The magnitude 6.8 Al Haouz earthquake in Morocco, which occurred on September 8, drew the attention of researchers from the U.S. Geological Survey’s National Earthquake Information Center (NEIC). Their rapid characterization of the earthquake revealed some unexpected characteristics that shed light on the seismic activity in the region. In this article, we will delve deeper into the findings of the USGS researchers and explore the implications of the earthquake’s unique features.

One of the most surprising discoveries made by the USGS researchers was the depth at which the earthquake ruptured. Traditionally, earthquakes in this region were assumed to occur at shallower depths. However, the Al Haouz earthquake ruptured approximately 25 kilometers deep beneath the surface. This finding challenges the commonly held beliefs about earthquake characteristics in the Atlas Mountains.

The region where the earthquake took place has very few historically recorded earthquakes. As a result, there is limited information available to establish the “common” characteristics of large earthquakes in the area. Without this baseline knowledge, it becomes challenging to accurately predict seismic hazards. U.S. Geological Survey seismologist William Yeck acknowledges this limitation, stating, “In the region, there’s not a high rate of seismic activity, so we don’t have a great idea of what the ‘common’ characteristics are of large earthquakes in the Atlas Mountains.”

Unconfirmed Faults

The nature of the Al Haouz earthquake posed additional challenges in identifying the faults involved. Since the earthquake rupture did not break the surface, and only a few aftershocks were recorded, it is challenging to confirm which faults were responsible for the seismic activity. This lack of clarity in fault identification hinders efforts to accurately assess future earthquake risks in the region.

The impact of the Al Haouz earthquake was significant, with the Moroccan province being the most affected by the shaking. The city of Marrakesh experienced violent shaking, resulting in nearly 3,000 deaths, 5,500 injuries, and widespread damage to structures in the weeks following the earthquake. The severity of the impact highlights the importance of understanding the characteristics and potential hazards of earthquakes in the Atlas Mountains.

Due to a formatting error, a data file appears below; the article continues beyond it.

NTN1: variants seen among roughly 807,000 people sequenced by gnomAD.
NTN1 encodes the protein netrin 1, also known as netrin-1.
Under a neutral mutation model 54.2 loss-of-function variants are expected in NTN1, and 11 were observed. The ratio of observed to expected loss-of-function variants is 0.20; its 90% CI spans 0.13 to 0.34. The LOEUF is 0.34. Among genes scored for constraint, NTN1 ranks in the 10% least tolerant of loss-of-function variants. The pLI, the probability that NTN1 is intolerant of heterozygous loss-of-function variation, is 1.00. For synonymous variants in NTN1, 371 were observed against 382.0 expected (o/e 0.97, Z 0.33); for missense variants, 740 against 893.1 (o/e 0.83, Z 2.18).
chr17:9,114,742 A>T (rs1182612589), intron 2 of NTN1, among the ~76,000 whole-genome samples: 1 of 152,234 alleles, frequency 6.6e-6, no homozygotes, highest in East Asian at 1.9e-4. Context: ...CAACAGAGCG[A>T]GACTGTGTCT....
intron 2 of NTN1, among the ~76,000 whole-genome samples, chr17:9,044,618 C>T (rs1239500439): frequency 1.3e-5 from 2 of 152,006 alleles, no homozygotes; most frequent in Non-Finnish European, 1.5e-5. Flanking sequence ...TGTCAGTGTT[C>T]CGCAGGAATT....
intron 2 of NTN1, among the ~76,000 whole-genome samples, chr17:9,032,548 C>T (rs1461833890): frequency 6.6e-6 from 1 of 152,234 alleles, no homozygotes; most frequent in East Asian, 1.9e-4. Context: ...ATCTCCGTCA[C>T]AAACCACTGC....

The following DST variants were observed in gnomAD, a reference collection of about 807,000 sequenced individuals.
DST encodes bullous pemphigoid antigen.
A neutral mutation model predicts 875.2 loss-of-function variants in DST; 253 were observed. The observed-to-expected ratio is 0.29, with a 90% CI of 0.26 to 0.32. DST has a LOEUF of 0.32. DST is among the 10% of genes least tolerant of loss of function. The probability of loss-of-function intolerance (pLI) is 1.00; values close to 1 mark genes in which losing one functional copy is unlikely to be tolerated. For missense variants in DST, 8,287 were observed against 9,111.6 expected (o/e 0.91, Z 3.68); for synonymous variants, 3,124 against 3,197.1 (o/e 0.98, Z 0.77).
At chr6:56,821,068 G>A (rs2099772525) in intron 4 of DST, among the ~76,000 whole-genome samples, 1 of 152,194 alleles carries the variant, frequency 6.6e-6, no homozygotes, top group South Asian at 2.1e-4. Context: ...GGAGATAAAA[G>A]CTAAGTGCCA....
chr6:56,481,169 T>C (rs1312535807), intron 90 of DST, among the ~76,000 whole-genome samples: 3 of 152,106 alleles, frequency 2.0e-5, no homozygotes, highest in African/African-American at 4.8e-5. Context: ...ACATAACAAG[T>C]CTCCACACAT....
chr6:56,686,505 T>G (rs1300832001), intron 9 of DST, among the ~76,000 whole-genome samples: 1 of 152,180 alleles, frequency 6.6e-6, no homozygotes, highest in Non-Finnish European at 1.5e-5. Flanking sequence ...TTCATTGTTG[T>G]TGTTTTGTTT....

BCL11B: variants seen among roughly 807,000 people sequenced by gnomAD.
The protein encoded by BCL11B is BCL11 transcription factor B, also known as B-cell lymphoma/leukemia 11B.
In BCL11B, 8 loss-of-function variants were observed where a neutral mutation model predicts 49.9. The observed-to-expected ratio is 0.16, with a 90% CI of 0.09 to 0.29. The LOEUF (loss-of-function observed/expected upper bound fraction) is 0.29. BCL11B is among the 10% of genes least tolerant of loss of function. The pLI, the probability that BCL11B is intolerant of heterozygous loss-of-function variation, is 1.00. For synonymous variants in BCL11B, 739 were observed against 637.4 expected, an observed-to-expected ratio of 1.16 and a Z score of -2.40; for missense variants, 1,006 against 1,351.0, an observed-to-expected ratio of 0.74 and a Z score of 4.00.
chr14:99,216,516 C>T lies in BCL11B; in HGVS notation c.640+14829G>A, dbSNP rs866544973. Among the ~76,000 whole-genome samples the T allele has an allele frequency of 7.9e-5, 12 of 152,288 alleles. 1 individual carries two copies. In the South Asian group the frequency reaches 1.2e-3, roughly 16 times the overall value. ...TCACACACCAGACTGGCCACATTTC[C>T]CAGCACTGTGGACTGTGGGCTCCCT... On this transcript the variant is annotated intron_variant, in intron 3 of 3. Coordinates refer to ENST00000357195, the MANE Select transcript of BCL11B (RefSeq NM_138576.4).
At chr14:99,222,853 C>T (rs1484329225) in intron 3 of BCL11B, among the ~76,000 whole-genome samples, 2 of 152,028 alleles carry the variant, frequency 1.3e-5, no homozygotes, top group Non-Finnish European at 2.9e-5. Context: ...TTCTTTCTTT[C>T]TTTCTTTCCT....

To gain insights into the Al Haouz earthquake, the USGS researchers relied on a combination of teleseismic data and InSAR satellite data. Teleseismic data, collected from seismic stations worldwide, provided crucial information about the earthquake’s depth and other characteristics. InSAR satellite data, on the other hand, captured changes in ground deformation, allowing for a more precise determination of the earthquake’s location on the surface.

The researchers emphasized the importance of leveraging multiple tools and datasets to obtain a comprehensive understanding of earthquakes. By combining waveform modeling and InSAR data, the USGS researchers were able to generate several models of the earthquake source. Waveform modeling provided the best estimate of the seismic centroid and the depth of the rupture, while InSAR data enabled a more precise determination of the earthquake’s location on the surface. The combination of these datasets allowed for a more complete picture of the Al Haouz earthquake.

The source modeling conducted by the USGS researchers revealed that the Al Haouz earthquake occurred in the lower crust, approximately 25 kilometers beneath the western Moroccan High Atlas Mountains. Importantly, the earthquake was classified as a blind rupture, meaning it didn’t reach the surface. This classification adds complexity to understanding the faulting in the region, as surface faults may not accurately represent the faults involved in the seismic activity.

Aftershocks play a crucial role in understanding faulting patterns and identifying the faults that slipped during an earthquake. However, the NEIC database only recorded five aftershocks following the Al Haouz earthquake. This limited number of aftershocks hampers efforts to develop a comprehensive understanding of faulting in the region. Yeck notes, “To understand the faulting in the region, you want to have a good picture of the aftershocks because then you can actually image which faults slipped.”

The unique characteristics of the Al Haouz earthquake in Morocco have provided valuable insights into seismic activity in the Atlas Mountains. The deeper rupture and lack of historical data challenge existing assumptions about earthquake characteristics in the region. The difficulty in confirming fault involvement due to the earthquake’s blind rupture adds complexity to assessing future earthquake risks. It is crucial for researchers and policymakers to continue studying seismic activity in this region to improve hazard assessment and enhance future earthquake preparedness efforts.

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